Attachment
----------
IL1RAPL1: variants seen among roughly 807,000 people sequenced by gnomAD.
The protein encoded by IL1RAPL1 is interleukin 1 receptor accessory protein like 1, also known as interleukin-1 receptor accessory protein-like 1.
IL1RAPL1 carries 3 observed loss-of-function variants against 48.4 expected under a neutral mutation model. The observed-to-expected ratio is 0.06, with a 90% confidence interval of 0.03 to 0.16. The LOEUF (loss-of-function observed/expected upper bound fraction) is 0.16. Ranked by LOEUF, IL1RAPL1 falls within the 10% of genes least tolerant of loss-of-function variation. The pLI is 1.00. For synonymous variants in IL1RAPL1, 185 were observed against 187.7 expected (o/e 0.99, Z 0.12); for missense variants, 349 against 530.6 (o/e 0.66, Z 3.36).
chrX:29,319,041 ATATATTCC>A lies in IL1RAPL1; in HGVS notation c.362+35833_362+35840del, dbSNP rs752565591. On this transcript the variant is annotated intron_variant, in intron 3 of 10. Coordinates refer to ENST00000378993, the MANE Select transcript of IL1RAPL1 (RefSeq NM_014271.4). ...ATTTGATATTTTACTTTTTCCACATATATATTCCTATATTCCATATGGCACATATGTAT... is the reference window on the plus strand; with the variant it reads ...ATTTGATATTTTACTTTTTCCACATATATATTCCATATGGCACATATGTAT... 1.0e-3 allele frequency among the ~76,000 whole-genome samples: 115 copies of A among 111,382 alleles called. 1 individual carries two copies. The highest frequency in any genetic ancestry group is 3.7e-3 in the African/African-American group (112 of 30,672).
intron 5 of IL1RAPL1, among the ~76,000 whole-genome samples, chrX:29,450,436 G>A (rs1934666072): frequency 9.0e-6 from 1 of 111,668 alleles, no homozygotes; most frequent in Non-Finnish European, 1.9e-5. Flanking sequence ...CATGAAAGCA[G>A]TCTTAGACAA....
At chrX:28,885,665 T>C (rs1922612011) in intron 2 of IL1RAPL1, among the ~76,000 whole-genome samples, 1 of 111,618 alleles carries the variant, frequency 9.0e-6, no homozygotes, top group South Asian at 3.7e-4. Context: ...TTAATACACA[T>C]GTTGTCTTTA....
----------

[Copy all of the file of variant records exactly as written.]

IL1RAPL1: variants seen among roughly 807,000 people sequenced by gnomAD.
The protein encoded by IL1RAPL1 is interleukin 1 receptor accessory protein like 1, also known as interleukin-1 receptor accessory protein-like 1.
IL1RAPL1 carries 3 observed loss-of-function variants against 48.4 expected under a neutral mutation model. The observed-to-expected ratio is 0.06, with a 90% confidence interval of 0.03 to 0.16. The LOEUF (loss-of-function observed/expected upper bound fraction) is 0.16. Ranked by LOEUF, IL1RAPL1 falls within the 10% of genes least tolerant of loss-of-function variation. The pLI is 1.00. For synonymous variants in IL1RAPL1, 185 were observed against 187.7 expected (o/e 0.99, Z 0.12); for missense variants, 349 against 530.6 (o/e 0.66, Z 3.36).
chrX:29,319,041 ATATATTCC>A lies in IL1RAPL1; in HGVS notation c.362+35833_362+35840del, dbSNP rs752565591. On this transcript the variant is annotated intron_variant, in intron 3 of 10. Coordinates refer to ENST00000378993, the MANE Select transcript of IL1RAPL1 (RefSeq NM_014271.4). ...ATTTGATATTTTACTTTTTCCACATATATATTCCTATATTCCATATGGCACATATGTAT... is the reference window on the plus strand; with the variant it reads ...ATTTGATATTTTACTTTTTCCACATATATATTCCATATGGCACATATGTAT... 1.0e-3 allele frequency among the ~76,000 whole-genome samples: 115 copies of A among 111,382 alleles called. 1 individual carries two copies. The highest frequency in any genetic ancestry group is 3.7e-3 in the African/African-American group (112 of 30,672).
intron 5 of IL1RAPL1, among the ~76,000 whole-genome samples, chrX:29,450,436 G>A (rs1934666072): frequency 9.0e-6 from 1 of 111,668 alleles, no homozygotes; most frequent in Non-Finnish European, 1.9e-5. Flanking sequence ...CATGAAAGCA[G>A]TCTTAGACAA....
At chrX:28,885,665 T>C (rs1922612011) in intron 2 of IL1RAPL1, among the ~76,000 whole-genome samples, 1 of 111,618 alleles carries the variant, frequency 9.0e-6, no homozygotes, top group South Asian at 3.7e-4. Context: ...TTAATACACA[T>C]GTTGTCTTTA....